Ten Delaware prisoners earned their high school diplomas Wednesday. The ceremony offered both a taste of normalcy and a reminder of circumstance.
They marched, like all graduates, to the brassy sound of Pomp and Circumstance.
They wore, like all graduates, polyester robes and mortar board caps.
They heard, like all graduates, inspirational speeches sprinkled with laugh lines.
It all felt familiar, so familiar you could forget for a moment that the robes covered white jumpsuits and that the graduation march came from a Bose clock radio rather than a high school band.
So goes graduation day at the James T. Vaughn Correctional Center, Delaware’s largest prison. For every dose of the ordinary, there was some reminder of the circumstances.
In all, ten men graduated. They earned full high-school diplomas and a 90-minute ceremony to celebrate the accomplishment.
Jerome Sullins is 33 and in prison for the second time. He dropped out of Wilmington’s Thomas McKean High School in 9th grade, later earning a GED during his first prison stint. Wednesday’s ceremony capped a long and uneven educational journey. It also gave him a chance to see his wife, Madinah, and his three daughters.
“Any day I get to see them is a beautiful day,” he said.
Sullins, like many of his classmates, hopes the diploma will help him land a job when he’s released.
“Whatever one pays the most,” he said with a laugh.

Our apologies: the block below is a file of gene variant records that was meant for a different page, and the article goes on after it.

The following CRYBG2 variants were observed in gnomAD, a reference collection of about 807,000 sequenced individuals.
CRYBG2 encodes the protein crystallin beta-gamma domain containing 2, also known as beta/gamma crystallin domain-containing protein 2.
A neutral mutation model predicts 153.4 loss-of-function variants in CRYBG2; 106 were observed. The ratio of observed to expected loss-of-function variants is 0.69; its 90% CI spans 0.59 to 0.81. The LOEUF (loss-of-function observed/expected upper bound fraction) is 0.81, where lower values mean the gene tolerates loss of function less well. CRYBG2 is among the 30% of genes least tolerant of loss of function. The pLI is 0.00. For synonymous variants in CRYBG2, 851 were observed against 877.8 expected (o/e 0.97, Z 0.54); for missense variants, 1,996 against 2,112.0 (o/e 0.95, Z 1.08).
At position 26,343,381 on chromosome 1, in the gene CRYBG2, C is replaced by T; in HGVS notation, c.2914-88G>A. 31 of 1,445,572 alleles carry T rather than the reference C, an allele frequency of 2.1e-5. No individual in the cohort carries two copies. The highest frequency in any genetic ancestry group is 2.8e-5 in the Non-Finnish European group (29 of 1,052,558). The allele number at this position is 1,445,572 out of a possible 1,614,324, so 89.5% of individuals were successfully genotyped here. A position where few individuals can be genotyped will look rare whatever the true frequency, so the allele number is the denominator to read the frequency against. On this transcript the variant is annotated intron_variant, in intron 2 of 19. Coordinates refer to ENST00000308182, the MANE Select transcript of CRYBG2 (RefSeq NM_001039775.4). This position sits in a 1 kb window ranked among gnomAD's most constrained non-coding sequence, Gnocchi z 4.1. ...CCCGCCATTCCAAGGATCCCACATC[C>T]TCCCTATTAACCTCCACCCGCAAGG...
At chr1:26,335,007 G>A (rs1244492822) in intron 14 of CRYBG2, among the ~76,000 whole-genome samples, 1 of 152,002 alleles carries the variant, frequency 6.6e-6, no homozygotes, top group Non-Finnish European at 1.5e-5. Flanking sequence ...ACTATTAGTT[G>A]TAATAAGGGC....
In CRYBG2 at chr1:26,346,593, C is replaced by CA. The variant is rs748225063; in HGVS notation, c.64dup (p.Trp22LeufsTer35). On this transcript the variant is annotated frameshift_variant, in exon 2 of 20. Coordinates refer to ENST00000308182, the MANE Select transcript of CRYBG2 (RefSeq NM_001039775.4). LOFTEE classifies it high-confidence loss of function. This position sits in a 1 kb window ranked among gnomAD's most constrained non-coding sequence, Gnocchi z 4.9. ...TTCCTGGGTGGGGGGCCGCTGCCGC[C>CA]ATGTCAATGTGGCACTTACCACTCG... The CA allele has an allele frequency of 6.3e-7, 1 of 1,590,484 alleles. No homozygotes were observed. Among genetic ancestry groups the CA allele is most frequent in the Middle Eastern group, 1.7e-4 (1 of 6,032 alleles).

Sullins expects to get out of prison in 2026.
Kevin Robinson will likely be at Vaughn forever. The gregarious 27-year-old is serving a life sentence. Barring a miracle, his diploma will never land him a job on the outside. It will, however, endure as a source of pride.
“Just knowing that I can do it, knowing that I have done it, giving it to my mom so she can be proud of it–that’s enough for me,” he said.
Robinson spoke on behalf of his classmates, following speeches from Department of Corrections Commissioner Robert Coupe and Governor Jack Markell.
Robinson’s remarks were brief, but he spoke with an easy confidence. He mostly thanked his teachers. Delaware’s Department of Education has almost 50 staff devoted to prisoner education, and one teacher committed full-time to the diploma program at Vaughn.
“Trust me, I know that it’s not easy encouraging people that’s been labeled as the worst that society has to offer,” Robinson said.
As the graduates crossed the stage, friends, family members, officials, and prison personnel cheered–all in open and joyful defiance of a sign on the visitation room wall that read “LOW TALKING ONLY.”
After the ceremony ended, prisoners had 45 minutes to chat with loved ones and pose for pictures. Some held hands and prayed. Others hugged and laughed. The happy din echoed off the cinder-block walls, interrupted only by the booming voice of a prison guard.
“Alright, gentleman, time to go,” the guard said.
With that, the graduates marched back toward their cells, a large door swinging shut behind them.